You are in charge of developing a new type of car. The project will cost $5 million dollars to develop. After you’ve spent $4 million dollars and made 80% of the progress, news comes out that a better car has just been brought to market, rendering your car all but obsolete.
What do you do at this point?
If you voted to finish the project then you aren’t alone. Throughout the course of history almost every has finished the car.
Hopefully you can see why this is a problem. You will basically be wasting $1 million dollars on a product that will never be able to compete. However, the motivation to finish that project is strong. This force becomes even stronger when we add data around how much money has already been spent to the equation.
If we’ve spent not just a considerable amount of time, but also lots of money towards building a product, most people are motivated to finish it.
The feeling of leaving something incomplete is gut wrenching. Most people are greatly bothered by it. When it comes to building product businesses, this pattern is so common that there is a name for it. This pattern is referred to as the motivation trap.
The motivation trap affects countless product businesses and dooms almost all of them. It is one of the reasons why 9 out of 10 product businesses fail.
So now that we know what it is, what can we do to avoid it?
Never ignore the fundamentals
Pets.com is one of the most popular failures from the dot com era. They were shipping pet food over the internet. However, this ecommerce play for pets wasn’t meant to be. They failed spectacularly and with only a quick glance behind the scenes it is obvious to understand why.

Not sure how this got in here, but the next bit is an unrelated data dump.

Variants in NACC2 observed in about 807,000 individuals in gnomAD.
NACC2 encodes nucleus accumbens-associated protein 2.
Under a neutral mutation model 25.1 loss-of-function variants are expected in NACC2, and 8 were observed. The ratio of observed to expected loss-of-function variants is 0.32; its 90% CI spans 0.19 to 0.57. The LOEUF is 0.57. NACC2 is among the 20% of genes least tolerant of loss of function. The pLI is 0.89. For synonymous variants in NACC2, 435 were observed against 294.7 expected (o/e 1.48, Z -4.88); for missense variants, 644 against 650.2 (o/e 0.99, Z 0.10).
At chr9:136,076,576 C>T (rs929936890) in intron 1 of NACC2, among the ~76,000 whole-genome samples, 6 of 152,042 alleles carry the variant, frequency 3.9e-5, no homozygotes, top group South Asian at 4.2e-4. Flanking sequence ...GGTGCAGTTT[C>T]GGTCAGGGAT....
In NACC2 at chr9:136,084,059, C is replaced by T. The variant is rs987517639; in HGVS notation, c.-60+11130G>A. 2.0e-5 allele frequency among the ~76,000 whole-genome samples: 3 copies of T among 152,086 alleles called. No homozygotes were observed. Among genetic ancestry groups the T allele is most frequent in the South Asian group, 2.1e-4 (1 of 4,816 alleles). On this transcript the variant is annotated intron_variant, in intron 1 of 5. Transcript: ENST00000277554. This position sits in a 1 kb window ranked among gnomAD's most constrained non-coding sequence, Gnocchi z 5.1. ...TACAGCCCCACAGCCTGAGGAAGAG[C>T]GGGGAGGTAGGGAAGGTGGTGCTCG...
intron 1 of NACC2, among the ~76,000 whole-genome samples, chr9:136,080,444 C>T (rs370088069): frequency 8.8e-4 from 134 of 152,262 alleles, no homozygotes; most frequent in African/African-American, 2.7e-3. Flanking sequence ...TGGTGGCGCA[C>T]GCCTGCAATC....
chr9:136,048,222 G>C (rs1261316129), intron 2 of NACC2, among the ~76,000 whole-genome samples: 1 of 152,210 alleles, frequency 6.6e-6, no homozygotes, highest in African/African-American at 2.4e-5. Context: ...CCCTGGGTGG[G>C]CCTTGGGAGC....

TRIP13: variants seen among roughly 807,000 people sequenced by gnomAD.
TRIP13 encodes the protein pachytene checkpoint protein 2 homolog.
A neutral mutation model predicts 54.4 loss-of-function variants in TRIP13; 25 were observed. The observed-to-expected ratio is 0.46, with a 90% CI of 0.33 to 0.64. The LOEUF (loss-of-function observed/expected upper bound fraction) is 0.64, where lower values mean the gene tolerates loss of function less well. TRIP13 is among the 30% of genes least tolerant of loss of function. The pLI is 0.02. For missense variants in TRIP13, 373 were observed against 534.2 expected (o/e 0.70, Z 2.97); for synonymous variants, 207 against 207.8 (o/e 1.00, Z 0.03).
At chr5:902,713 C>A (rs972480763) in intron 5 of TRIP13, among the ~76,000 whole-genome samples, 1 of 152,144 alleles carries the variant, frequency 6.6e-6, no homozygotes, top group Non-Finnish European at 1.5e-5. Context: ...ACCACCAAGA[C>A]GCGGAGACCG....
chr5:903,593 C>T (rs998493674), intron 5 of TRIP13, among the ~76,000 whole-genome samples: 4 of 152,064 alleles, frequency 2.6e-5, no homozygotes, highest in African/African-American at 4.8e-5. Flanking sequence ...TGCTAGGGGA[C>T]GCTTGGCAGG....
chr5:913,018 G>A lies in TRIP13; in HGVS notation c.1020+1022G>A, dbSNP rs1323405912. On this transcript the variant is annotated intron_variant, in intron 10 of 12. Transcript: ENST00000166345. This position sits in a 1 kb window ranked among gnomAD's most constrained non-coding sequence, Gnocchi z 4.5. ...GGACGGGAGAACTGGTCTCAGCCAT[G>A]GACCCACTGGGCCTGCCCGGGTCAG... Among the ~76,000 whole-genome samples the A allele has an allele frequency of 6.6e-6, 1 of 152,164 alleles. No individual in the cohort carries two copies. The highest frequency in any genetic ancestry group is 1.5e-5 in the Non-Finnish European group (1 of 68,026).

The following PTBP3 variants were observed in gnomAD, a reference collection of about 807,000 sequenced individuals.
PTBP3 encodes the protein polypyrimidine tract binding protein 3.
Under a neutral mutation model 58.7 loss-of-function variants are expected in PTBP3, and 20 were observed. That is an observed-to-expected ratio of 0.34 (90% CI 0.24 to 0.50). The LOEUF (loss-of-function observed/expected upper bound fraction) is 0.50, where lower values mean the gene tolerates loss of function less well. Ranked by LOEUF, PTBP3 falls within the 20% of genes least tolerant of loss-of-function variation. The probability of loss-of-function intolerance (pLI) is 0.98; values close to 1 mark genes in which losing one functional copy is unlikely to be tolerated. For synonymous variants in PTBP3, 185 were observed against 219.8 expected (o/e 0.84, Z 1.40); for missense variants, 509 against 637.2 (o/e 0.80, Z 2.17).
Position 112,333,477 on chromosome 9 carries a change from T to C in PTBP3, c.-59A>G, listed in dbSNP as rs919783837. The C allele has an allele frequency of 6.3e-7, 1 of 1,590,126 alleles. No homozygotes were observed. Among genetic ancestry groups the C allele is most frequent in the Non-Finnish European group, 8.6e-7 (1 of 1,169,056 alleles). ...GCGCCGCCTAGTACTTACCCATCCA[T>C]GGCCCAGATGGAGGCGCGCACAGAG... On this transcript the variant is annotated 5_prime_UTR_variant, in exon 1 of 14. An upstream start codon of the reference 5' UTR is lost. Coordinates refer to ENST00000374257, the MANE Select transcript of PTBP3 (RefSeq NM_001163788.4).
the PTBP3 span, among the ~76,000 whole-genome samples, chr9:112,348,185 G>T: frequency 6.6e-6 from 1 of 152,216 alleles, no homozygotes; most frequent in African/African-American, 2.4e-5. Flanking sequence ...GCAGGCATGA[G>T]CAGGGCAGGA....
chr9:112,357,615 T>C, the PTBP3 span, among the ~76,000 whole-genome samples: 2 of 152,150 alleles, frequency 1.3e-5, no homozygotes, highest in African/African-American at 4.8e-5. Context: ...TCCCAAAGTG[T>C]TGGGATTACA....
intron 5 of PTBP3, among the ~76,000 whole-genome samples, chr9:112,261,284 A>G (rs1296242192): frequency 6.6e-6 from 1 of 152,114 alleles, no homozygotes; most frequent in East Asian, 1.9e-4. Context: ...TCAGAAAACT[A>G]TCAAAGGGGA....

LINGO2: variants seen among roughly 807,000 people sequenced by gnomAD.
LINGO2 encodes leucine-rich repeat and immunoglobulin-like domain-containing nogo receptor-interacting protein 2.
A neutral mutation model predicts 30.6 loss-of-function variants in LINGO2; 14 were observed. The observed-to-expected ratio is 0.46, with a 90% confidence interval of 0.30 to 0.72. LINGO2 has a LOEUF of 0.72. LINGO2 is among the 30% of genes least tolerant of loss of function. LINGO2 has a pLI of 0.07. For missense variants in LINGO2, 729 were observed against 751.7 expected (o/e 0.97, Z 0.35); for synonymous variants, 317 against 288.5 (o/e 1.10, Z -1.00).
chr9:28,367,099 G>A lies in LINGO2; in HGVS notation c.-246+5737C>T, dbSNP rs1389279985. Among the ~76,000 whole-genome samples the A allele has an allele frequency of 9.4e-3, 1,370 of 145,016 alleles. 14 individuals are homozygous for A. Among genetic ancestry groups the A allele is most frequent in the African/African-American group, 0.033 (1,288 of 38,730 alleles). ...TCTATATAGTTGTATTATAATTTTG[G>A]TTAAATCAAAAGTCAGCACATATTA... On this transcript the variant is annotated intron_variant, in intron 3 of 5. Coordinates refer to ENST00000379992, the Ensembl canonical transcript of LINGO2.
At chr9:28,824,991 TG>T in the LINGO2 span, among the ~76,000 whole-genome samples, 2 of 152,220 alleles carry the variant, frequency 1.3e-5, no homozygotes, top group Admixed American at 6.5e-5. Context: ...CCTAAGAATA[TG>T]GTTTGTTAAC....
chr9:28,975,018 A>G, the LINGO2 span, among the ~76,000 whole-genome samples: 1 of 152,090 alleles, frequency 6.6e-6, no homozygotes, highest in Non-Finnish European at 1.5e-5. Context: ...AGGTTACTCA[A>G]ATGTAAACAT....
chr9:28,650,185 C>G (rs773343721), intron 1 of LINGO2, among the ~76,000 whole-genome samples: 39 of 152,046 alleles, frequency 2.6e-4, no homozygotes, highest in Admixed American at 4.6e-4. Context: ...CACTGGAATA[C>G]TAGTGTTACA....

Pets.com was selling dog food for less than what it costs to ship it.
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You obviously can’t turn a profit with these kinds of numbers. Don’t ignore the fundamentals. You can’t lose a bit on every sale and make it up in volume
Focus on today first
Netflix saw a future where streaming content over the web would eventually take off. However, at the time, the technology available simply wouldn’t enable them to do it. So what did they do instead? They focused on the problems experienced by the market at the time and went head to head with companies like BlockBuster.
Netflix took existing solutions and made them better. Much better.
Only a few short years later, BlockBuster was out of business and Netflix was well on their way to realizing their original dream. Now they have a massive media library available to be streamed over the web.
Focus on the Why
Your why matters more than anything when it comes to your product business. If you don’t know why you’re on the current path then you need to stop and refocus your and your team’s efforts. Communicate this throughout your organization and let people know they should push back if the mission isn’t clear.
Want to know what you can do to get out of a motivation trap that is affecting your business? Let’s talk it through, email me at firstname.lastname@example.org or visit us on the web at NxtStep.
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